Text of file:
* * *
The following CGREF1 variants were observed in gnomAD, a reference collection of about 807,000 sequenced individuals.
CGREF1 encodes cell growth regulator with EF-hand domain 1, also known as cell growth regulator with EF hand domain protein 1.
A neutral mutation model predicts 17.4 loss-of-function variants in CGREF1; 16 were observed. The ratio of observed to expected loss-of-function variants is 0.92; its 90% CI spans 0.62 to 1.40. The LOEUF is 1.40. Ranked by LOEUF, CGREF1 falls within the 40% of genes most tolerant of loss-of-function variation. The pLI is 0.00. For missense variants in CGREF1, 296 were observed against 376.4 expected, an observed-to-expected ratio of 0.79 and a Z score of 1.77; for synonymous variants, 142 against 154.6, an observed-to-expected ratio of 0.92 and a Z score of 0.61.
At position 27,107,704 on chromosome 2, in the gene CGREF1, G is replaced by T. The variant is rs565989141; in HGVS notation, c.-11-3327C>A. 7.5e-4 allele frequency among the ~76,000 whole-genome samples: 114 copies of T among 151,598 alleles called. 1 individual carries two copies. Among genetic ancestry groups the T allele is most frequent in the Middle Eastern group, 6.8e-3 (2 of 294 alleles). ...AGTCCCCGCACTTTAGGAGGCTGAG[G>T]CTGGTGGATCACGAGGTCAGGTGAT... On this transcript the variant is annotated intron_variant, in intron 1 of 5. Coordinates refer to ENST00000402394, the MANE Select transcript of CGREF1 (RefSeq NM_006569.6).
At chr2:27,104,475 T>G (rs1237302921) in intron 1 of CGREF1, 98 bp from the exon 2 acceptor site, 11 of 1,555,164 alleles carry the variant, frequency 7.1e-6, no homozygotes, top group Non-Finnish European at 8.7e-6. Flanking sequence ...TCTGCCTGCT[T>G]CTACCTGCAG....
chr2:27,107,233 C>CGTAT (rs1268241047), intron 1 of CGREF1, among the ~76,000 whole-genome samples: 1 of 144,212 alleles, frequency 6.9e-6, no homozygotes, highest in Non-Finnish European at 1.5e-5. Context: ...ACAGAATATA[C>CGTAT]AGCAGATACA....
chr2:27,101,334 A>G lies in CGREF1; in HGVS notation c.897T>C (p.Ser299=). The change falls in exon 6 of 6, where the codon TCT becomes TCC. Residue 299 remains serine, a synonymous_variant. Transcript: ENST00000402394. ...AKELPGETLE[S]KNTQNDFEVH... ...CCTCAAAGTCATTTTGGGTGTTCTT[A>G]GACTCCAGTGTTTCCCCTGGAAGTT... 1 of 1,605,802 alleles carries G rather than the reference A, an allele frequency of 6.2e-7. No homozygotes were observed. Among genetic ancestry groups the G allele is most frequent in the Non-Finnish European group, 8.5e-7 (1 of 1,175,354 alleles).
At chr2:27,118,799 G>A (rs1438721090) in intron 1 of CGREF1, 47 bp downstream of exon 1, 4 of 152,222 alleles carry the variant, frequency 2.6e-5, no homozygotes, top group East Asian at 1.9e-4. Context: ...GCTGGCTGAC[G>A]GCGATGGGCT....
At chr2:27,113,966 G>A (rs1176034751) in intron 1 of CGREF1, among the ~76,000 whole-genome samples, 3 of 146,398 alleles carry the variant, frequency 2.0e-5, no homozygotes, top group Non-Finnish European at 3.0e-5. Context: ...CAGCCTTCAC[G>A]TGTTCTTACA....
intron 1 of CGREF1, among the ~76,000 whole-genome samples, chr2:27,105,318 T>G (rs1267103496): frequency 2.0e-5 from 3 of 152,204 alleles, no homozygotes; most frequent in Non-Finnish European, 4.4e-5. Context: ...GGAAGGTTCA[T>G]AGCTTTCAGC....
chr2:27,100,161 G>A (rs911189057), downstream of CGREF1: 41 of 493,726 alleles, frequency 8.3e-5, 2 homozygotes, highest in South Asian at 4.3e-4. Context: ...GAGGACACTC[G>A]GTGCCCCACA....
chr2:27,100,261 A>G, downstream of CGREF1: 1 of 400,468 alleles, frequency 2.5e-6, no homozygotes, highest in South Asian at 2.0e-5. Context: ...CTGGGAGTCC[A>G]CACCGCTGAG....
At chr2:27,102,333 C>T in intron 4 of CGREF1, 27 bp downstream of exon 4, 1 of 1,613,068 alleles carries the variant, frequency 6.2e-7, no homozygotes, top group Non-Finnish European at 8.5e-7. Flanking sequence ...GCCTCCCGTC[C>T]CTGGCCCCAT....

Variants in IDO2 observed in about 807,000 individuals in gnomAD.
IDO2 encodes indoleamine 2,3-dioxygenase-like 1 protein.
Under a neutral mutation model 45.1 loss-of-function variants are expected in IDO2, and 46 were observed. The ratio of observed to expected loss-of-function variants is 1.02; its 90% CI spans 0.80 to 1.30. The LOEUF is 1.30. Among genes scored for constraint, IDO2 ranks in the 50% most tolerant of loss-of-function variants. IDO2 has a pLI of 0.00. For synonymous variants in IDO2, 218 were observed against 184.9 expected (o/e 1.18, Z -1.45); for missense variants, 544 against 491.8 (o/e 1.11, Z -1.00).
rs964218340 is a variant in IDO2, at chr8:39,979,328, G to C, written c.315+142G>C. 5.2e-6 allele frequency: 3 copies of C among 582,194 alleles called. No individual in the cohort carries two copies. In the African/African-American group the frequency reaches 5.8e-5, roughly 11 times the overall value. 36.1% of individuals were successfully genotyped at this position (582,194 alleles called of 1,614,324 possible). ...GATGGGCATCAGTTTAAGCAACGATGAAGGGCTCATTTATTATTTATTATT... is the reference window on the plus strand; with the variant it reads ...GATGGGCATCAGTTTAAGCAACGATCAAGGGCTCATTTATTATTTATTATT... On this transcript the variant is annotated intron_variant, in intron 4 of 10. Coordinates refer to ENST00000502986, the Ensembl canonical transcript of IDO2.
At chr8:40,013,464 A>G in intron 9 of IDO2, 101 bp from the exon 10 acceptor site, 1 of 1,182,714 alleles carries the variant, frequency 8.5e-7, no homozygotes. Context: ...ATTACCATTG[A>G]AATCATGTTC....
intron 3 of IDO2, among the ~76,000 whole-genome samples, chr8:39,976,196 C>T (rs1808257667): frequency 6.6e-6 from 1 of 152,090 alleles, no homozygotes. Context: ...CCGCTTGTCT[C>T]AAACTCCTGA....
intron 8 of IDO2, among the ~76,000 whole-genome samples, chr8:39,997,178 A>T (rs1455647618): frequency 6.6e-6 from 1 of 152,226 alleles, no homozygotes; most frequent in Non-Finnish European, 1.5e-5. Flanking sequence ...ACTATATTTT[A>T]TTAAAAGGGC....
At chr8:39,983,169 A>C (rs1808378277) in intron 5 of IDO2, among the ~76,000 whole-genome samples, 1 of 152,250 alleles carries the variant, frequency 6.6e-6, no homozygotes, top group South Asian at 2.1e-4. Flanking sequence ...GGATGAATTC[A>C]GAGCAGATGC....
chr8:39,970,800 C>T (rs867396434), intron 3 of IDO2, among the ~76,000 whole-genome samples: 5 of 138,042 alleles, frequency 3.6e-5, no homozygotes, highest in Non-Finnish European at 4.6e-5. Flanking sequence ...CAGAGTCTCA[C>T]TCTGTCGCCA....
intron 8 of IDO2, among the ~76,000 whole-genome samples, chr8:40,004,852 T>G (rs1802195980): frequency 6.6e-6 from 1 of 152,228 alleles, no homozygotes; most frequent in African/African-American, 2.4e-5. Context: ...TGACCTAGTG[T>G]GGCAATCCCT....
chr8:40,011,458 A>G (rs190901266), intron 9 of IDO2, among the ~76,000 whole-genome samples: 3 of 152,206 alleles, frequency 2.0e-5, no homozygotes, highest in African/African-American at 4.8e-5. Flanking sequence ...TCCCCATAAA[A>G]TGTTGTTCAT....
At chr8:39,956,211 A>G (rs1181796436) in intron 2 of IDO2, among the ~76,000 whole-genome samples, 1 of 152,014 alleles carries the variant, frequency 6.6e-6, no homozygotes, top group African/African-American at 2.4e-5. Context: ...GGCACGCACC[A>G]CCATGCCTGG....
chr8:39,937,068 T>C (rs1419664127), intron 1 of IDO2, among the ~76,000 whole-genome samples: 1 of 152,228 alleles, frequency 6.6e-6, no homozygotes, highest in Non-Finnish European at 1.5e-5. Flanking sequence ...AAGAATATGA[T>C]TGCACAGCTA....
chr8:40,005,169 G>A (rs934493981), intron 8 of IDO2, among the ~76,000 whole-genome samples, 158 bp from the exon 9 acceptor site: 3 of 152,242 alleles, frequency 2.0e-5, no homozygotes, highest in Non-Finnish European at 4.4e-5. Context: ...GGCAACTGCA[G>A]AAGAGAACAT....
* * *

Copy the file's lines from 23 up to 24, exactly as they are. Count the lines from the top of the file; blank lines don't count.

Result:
intron 8 of IDO2, among the ~76,000 whole-genome samples, chr8:40,004,852 T>G (rs1802195980): frequency 6.6e-6 from 1 of 152,228 alleles, no homozygotes; most frequent in African/African-American, 2.4e-5. Context: ...TGACCTAGTG[T>G]GGCAATCCCT....
chr8:40,011,458 A>G (rs190901266), intron 9 of IDO2, among the ~76,000 whole-genome samples: 3 of 152,206 alleles, frequency 2.0e-5, no homozygotes, highest in African/African-American at 4.8e-5. Flanking sequence ...TCCCCATAAA[A>G]TGTTGTTCAT....